Failed quadruple limb transplant: What went wrong?
Last Friday, doctors in Turkey pushed the boundaries of modern medicine when they attempted to perform a quadruple limb transplantation in a 27 year-old man in Ankara, who had previously lost his extremities after being electrocuted. The procedure was not successful and the patient died on Monday. Transplantation of extremities is an evolving field, dating back to 1964 when surgeons in Ecuador made an effort to transplant a cadaveric donor hand without success. After years of research, the first successful hand transplantation was performed in 1999 by surgeons in Louisville, Kentucky. As of several years ago, the recipient of the 1999 transplant continued to exhibit some function in his hand. Since 1999, many single and double hand transplants have been performed in various countries.
The first successful limb transplantation took place in Malaysia in 2000 when a girl received an arm from her deceased identical twin. In 2008, surgeons in Germany performed the first double arm transplantation in a 54 year-old farmer after he had lost both of his arms in an accident. Transplantation of the lower limb dates back to 2006, when the leg of a conjoined twin with a fatal cardiac abnormality was transplanted to her sister. The first double leg transplant was performed in Spain in the summer of 2011, in a young man who reportedly took his first steps with his transplanted legs late last year.
As with solid organs, transplantation of extremities is surgically and medically complex. The procedure in any limb transplantation involves connecting the donor and recipient bones, tendons, nerves, arteries, and veins. Connection of the vasculature ensures proper blood flow while attachment of the nerves and tendons allows for partial restoration of function. One of the greatest challenges with transplantation is immune rejection: the immune system of the recipient recognizes the transplanted tissue as foreign and destroys it. In order to reduce the likelihood of rejection, various measures are taken. Prior to transplant, comprehensive blood and tissue typing is performed to check for donor and recipient tissue type compatibility. After surgery, the recipient is placed on a long-term regimen of powerful medications known as immunosuppressants, which weaken the immune system and decrease the odds of rejection.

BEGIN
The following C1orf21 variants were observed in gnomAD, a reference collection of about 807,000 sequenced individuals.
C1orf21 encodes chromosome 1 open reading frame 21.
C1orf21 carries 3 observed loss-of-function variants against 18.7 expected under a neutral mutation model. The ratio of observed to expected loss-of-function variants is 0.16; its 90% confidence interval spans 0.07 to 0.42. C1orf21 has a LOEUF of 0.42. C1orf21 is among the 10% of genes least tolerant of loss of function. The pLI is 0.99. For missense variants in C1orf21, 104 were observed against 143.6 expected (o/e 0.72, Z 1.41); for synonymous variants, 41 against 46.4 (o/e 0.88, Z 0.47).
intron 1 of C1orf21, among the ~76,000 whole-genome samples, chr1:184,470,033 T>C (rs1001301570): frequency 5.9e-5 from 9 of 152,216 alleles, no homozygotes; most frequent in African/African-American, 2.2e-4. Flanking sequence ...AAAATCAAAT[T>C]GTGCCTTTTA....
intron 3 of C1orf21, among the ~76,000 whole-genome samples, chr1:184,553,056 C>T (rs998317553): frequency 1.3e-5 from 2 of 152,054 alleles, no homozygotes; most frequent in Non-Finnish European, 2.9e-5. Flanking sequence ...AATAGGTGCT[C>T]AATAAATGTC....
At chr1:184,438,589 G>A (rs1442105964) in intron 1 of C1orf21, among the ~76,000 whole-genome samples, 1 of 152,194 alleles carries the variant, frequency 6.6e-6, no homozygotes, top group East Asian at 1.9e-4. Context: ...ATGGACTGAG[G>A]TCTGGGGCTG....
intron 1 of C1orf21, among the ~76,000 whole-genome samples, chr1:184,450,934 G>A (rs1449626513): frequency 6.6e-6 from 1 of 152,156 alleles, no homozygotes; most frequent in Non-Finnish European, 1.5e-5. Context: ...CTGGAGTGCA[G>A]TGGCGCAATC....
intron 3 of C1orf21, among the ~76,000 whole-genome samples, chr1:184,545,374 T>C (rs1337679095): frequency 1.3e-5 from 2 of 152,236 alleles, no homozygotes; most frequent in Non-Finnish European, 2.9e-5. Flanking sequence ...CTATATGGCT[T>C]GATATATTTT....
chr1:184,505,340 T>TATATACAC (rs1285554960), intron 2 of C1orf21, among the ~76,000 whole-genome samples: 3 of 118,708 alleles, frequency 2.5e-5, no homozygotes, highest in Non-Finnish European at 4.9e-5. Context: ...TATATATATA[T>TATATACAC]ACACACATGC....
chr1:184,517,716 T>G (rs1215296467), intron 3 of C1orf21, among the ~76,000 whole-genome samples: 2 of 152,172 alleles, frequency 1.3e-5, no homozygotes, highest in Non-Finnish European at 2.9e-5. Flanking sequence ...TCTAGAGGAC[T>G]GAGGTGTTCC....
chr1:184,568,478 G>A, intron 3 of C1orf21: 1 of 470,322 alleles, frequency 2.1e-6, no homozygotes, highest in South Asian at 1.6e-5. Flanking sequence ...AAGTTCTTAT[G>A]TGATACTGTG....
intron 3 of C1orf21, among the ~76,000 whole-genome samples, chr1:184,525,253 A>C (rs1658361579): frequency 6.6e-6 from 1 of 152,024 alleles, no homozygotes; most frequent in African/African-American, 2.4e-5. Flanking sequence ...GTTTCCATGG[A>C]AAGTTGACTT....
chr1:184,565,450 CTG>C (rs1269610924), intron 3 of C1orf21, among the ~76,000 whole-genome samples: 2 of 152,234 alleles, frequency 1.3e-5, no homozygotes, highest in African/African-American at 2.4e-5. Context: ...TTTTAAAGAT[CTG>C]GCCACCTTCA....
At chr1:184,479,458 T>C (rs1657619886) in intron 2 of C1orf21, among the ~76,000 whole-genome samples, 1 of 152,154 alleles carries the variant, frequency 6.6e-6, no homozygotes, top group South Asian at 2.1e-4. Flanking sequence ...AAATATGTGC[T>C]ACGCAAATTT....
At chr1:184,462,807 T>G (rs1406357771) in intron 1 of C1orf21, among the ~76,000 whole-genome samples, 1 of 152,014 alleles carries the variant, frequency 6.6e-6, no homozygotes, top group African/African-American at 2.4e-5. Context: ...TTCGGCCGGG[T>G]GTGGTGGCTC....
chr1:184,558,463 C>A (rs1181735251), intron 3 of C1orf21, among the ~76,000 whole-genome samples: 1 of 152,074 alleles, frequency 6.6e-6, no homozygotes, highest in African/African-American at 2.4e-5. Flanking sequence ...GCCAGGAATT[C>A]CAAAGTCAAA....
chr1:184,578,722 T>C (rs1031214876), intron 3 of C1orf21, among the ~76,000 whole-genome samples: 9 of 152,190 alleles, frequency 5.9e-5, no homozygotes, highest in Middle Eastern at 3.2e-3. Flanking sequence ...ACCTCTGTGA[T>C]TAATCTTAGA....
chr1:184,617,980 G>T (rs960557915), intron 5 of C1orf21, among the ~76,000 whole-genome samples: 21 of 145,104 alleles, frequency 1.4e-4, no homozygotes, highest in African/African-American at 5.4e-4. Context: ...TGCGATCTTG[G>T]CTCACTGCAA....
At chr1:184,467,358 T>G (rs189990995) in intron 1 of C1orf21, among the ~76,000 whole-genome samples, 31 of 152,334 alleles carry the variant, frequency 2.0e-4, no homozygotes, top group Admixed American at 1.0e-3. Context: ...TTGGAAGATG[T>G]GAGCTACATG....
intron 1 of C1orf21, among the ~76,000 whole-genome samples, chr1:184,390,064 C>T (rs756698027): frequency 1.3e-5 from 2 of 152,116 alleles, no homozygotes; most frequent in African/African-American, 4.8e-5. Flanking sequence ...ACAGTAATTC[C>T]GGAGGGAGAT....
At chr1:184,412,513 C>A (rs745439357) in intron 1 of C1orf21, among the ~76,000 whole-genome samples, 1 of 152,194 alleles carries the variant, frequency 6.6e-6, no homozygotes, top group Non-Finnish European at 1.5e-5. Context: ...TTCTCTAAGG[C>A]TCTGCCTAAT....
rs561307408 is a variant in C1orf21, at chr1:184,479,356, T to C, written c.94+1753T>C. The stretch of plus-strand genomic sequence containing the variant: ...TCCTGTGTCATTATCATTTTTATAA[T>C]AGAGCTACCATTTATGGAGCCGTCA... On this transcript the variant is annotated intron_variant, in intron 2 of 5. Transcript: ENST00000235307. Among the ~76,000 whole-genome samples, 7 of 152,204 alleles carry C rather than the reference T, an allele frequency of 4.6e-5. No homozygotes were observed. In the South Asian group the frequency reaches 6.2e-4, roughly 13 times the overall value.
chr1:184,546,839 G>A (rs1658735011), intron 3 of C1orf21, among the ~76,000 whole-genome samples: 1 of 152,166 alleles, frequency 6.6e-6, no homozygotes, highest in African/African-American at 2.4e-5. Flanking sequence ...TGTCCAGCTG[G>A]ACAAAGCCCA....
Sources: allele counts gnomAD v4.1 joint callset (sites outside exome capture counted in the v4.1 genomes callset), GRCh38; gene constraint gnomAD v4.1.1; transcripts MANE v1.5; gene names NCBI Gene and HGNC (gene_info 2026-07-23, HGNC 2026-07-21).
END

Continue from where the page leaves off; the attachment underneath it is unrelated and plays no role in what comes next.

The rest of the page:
Immunosuppression has serious side effects as it can increase the risk of infection, cancer and other diseases. Some of the newest research in the field of transplantation has focused on how broad immunosuppression can be replaced with immune regulation. The latter involves selectively suppressing the components of the immune system that are responsible for tissue rejection, and reducing the chance of adverse events such as infection and cancer. Thanks to advances in this field, several years ago, the first steroid-free hand transplant surgery was performed. Steroids are among the oldest immunosuppressants used in transplantation. Some of the newer agents used in place of steroids are agents such as Alemtuzumab, a monoclonal antibody that regulates immune system function. Another novel strategy is to introduce white blood cells from the tissue donor into the recipient’s blood stream prior to transplantation of the extremity. If these cells persist, they will incorporate into the recipient immune system and decrease the likelihood of rejection after the extremity has been transplanted.
Investigators have also focused on the science of nerve cell regeneration. As researchers have begun to understand how severed nerve fibers can regenerate after reattachment, they have applied these findings to the field of hand and limb transplantation. One new strategy involves enhancing the regeneration of axons or individual nerve fibers. Another approach is the augmentation of support cells in the nervous system known as Schwann cells, which can promote regeneration of neurons. In the future, stem cell technology and tissue regeneration may also enhance this process.
There may be advantages to performing quadruple limb transplant simultaneously and from the same donor, as was the case in last week’s procedure in Turkey. First, the patient does not have to undergo multiple lengthy surgical procedures. Secondly, extremities from a single donor will be better size matches and will exhibit similar immunogenicity profiles. However, some experts have argued that transplanting four limbs at once is a “bold” move. The team who performed the quadruple limb transplantation last week attributed their failure to “metabolic complications” and stated that the patient’s cardiovascular system was unable to sustain the transplanted limbs. Transplanting two arms and two legs at once requires the cardiovascular system of the recipient to suddenly ramp up its activity and perfuse significantly greater volumes of tissue. This may in part explain the unsuccessful attempt in this recent procedure. It also reaffirms the complex nature of limb transplantation and the deliberate planning that is required in such sophisticated surgeries.
Glaus SW, et al. Clinical strategies to enhance nerve regeneration in composite tissue allotransplantation. Hand Clinic, 2011 Nov;27(4):495-509
Shores JT et al. Composite tissue allotransplantation: hand transplantation and beyond. Journal of the American Academy of Orthopedic Surgeons. March 2010, Vol 18, No 3.